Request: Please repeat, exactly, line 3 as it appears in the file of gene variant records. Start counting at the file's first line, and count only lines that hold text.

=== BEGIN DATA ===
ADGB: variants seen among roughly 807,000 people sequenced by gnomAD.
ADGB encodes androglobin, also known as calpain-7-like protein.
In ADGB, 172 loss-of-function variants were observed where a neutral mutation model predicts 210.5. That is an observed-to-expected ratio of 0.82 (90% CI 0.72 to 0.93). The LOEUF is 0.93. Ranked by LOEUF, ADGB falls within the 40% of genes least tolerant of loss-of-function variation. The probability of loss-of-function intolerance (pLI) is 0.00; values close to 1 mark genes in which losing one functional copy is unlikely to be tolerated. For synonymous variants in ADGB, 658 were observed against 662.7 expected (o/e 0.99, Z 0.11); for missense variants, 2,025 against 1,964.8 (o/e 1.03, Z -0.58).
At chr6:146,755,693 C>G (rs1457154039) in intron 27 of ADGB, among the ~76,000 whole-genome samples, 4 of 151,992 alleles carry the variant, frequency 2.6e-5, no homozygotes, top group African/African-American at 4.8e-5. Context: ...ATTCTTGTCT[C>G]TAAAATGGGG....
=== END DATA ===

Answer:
In ADGB, 172 loss-of-function variants were observed where a neutral mutation model predicts 210.5. That is an observed-to-expected ratio of 0.82 (90% CI 0.72 to 0.93). The LOEUF is 0.93. Ranked by LOEUF, ADGB falls within the 40% of genes least tolerant of loss-of-function variation. The probability of loss-of-function intolerance (pLI) is 0.00; values close to 1 mark genes in which losing one functional copy is unlikely to be tolerated. For synonymous variants in ADGB, 658 were observed against 662.7 expected (o/e 0.99, Z 0.11); for missense variants, 2,025 against 1,964.8 (o/e 1.03, Z -0.58).